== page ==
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Municipal House Prague

Another clear example of the achievements of Rakovník ceramics is the decoration style of Prague's Municipal House, which is one of the most important sites built in the Art Nouveau style in Prague. The authors of the project completed in November 1912 are architects Prof. Antonín Balšánek and Osvald Polívka. Its style has been considered obsolete by some architects, but with the lapse of nearly a century this construction work is now evaluated as a unique harmonious combination of architectonic and creative styles of the late 19th and early 20th centuries. For the Czech brand RAKO, the spaces of the Municipal House represent a lively "exhibit hall" where we can still admire the original ceramic tiling produced at the RAKO ceramics factory.

Places where we can view Rakovník ceramics in the Municipal House include the main stairway leading to the basement. The ceramic tiles on the walls contain decorative fillings, reliefs and views of old Prague, created based on the designs of E. Hlavín. In the basement the decorations of the stairway are complemented by the lower foyer with a small fountain surrounded by ceramic tiling and with an original ceramic ornamental floor. In the middle of the premises, there is an entrance to an American bar, the walls of which are designed with red ceramic tiling and decorated with images of rural life. In the basement there is also a Pilsner restaurant with three mosaic ceramic murals from J. Obrovský focused on "Czech Harvests", "Scouting" and "Girls". On the opposite side we cannot miss a wine bar with preserved original wood tiling, including embedded relief ceramic tiling and mirrors. Last, but not least, we can find historic ceramic originals in the 1st floor in the Božena Němcová salon, which has a mosaic-tiled fountain designed by O. Polívka, whose ceramic pylon is decorated by a small glazed stature of Božena Němcová.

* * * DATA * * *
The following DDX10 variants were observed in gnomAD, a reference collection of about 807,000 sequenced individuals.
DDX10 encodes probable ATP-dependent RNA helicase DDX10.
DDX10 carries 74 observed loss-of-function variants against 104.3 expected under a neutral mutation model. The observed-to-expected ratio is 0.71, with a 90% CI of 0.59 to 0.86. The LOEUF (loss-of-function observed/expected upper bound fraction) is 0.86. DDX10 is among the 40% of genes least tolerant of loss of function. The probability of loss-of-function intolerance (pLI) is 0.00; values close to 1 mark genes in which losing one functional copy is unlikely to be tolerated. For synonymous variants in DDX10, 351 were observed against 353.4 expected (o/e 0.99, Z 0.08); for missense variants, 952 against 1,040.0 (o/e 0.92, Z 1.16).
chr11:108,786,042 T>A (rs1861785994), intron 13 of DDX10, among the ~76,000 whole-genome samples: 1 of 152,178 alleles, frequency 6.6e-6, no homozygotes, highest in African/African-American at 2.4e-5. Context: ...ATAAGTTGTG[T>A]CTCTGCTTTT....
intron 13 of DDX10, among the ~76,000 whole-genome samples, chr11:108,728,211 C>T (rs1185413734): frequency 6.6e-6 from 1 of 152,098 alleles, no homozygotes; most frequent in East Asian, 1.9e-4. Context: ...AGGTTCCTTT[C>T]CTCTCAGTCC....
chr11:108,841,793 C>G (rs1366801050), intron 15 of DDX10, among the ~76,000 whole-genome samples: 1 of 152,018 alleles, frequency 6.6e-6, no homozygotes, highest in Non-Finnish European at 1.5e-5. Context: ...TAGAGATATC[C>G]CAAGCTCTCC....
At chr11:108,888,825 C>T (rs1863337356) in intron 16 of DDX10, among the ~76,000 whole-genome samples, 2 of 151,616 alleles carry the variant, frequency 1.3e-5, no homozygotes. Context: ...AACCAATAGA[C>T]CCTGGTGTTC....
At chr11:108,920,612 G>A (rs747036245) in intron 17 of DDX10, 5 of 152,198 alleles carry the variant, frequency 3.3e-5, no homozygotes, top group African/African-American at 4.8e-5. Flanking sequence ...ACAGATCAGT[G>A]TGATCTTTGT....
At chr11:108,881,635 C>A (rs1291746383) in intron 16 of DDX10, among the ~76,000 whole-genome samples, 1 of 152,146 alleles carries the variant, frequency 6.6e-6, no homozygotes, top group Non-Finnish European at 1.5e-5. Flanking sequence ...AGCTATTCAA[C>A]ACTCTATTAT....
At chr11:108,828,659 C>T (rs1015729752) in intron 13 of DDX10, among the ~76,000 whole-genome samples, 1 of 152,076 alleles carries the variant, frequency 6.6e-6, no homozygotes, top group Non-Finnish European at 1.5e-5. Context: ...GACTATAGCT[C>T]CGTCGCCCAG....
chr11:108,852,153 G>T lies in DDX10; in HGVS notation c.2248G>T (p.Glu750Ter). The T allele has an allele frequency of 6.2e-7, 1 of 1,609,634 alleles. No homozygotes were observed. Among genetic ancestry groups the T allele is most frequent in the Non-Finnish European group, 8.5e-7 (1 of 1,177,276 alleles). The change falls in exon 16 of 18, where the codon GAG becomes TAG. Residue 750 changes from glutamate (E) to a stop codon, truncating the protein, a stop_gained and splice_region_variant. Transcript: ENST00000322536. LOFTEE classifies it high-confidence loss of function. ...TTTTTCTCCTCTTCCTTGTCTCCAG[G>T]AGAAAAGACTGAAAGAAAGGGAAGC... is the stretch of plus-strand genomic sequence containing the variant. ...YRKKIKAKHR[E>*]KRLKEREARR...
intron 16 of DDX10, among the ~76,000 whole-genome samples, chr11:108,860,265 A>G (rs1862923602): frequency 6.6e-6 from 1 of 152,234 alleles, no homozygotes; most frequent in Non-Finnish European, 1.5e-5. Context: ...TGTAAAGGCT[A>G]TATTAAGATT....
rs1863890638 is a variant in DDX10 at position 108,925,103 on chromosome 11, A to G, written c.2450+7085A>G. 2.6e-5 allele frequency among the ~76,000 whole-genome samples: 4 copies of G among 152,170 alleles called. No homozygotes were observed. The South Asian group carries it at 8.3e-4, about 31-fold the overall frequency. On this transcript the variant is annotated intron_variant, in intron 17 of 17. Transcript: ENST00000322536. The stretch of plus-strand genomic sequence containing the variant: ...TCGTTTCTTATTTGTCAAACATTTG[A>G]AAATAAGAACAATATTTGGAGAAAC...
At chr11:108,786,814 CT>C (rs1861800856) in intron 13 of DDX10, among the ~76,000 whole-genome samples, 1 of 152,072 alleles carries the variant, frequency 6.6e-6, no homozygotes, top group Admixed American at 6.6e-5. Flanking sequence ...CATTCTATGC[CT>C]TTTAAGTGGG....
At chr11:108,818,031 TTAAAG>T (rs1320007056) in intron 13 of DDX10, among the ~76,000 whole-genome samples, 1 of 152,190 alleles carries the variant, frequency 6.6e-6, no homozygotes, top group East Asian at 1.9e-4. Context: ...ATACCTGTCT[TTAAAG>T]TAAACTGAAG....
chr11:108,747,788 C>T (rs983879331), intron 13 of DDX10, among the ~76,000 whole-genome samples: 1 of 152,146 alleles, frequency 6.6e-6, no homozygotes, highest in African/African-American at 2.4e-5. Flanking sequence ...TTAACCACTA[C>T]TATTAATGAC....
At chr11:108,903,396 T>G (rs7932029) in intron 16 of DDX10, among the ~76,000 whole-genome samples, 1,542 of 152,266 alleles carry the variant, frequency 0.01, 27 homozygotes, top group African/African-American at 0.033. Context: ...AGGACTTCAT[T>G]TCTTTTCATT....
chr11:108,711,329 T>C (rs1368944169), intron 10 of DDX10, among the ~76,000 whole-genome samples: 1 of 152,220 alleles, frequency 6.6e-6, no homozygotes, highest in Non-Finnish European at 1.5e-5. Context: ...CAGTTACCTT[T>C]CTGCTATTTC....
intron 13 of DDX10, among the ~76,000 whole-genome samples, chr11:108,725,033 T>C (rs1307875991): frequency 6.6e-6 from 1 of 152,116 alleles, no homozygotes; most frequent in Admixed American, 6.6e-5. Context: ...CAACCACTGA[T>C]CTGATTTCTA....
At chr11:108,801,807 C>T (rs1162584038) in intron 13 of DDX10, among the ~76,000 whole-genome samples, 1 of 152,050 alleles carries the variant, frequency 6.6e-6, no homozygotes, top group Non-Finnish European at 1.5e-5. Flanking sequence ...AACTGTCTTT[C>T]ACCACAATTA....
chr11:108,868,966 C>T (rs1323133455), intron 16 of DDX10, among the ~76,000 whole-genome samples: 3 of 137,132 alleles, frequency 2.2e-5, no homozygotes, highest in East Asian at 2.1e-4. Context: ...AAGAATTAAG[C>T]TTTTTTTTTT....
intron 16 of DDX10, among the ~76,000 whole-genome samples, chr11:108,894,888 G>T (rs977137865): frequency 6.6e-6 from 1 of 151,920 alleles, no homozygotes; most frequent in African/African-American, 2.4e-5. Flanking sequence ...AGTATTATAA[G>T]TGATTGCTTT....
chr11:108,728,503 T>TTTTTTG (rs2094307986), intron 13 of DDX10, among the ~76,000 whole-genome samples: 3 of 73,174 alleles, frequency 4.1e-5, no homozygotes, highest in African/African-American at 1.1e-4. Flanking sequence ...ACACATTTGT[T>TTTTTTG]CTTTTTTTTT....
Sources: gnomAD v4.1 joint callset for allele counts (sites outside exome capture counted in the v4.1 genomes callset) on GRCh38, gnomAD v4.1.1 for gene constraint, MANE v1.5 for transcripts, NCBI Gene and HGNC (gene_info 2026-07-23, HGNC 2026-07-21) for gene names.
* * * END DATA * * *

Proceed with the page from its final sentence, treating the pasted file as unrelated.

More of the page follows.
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Tugendhat Villa (Brno)

During the second reconstruction of the Brno Tugendhat Villa, LASSELSBERGER, s.r.o. produced replicas of RAKO's original tiling works. The goal of the architects, ceramics restorers and the producer of the RAKO brand was to achieve maximum adaptation of the design with the original appearance and technical parameters of tile products.

At the turn of the 1920s and 1930s, Grete and Fritz Tugendhat had one of the most beautiful functionalist sites in the world built in Brno. The Tugendhat Villa, which was recorded in the Unesco list of cultural heritage sites in 2001, in the past represented a new style of modern housing. The Tugendhat Villa's design was proposed in 1928 and 1929 by architect Ludwig Mies van der Rohe. It is a unique artistic work, which was built thanks to the then most modern technology using noble materials. For the first time in the history of private architecture, steel supporting structures were used in the villa in the form of cross-shaped columns. The technical foundations, heating and cooling system, electric window controls and photocell at the entrance were also atypical. The interiors include rare materials, including onyx from Morocco, Italian travertine, and trees from Southeast Asia. Investments in the building were estimated at the time as totaling 5 million crowns, which at that time was the cost of about thirty family houses. The married couple, who were Jews, lived in the functionalist villa for only eight years, until they were forced to leave it before the war. They never returned to the villa. At the end of the war, the villa was damaged by bombing. Walls were crushed, and the furniture was either destroyed or stolen. The villa's charm vanished. Later the site of the villa became a dance school, and following seizure by the state it was converted to a children's rehabilitation centre. More extensive reconstruction of the villa was carried out in the 1980s. Unfortunately, at that time the unpleasant financial and political situation took its toll on the renovation. Following its restoration, the villa was used for representation of the city and was never made accessible to the public. After 1989, the public was briefly given access to it, but it remained a government site. The second phase of restoration of the villa was carried out from 2010 to 2012. The project was carried out by an association of three architectural studios, with the aim of achieving maximum restoration of the villa to its original condition.